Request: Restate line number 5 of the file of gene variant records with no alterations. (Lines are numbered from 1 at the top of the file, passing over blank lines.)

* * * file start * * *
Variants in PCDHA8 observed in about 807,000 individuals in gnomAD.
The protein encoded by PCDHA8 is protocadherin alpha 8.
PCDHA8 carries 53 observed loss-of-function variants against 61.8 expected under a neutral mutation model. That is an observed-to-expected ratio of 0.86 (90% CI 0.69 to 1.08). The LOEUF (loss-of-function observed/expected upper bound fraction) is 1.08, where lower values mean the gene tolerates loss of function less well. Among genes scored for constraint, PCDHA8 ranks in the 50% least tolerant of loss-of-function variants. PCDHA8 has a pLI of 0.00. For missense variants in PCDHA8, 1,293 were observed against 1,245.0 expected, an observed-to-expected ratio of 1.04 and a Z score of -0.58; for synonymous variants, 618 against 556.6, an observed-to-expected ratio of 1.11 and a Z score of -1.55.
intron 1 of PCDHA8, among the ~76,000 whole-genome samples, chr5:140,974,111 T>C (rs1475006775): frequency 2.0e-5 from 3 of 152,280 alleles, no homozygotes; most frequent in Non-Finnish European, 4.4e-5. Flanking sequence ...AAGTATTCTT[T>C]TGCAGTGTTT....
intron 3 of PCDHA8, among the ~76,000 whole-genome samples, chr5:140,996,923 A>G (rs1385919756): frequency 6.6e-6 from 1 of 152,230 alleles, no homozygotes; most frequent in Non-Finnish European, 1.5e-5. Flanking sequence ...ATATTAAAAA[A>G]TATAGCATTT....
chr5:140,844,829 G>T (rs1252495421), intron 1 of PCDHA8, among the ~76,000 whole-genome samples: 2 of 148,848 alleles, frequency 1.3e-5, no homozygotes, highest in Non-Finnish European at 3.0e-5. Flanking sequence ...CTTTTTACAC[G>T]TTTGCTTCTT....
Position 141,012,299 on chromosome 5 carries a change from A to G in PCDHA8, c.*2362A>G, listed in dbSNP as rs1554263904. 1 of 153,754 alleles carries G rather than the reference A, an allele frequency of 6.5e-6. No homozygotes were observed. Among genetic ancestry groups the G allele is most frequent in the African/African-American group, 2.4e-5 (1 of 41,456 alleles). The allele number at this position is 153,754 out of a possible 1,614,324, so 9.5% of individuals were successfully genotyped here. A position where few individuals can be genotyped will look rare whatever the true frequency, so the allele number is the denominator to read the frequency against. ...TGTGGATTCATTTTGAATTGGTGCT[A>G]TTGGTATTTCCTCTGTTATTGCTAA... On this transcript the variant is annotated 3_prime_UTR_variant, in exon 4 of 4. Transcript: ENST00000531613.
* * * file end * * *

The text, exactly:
intron 3 of PCDHA8, among the ~76,000 whole-genome samples, chr5:140,996,923 A>G (rs1385919756): frequency 6.6e-6 from 1 of 152,230 alleles, no homozygotes; most frequent in Non-Finnish European, 1.5e-5. Flanking sequence ...ATATTAAAAA[A>G]TATAGCATTT....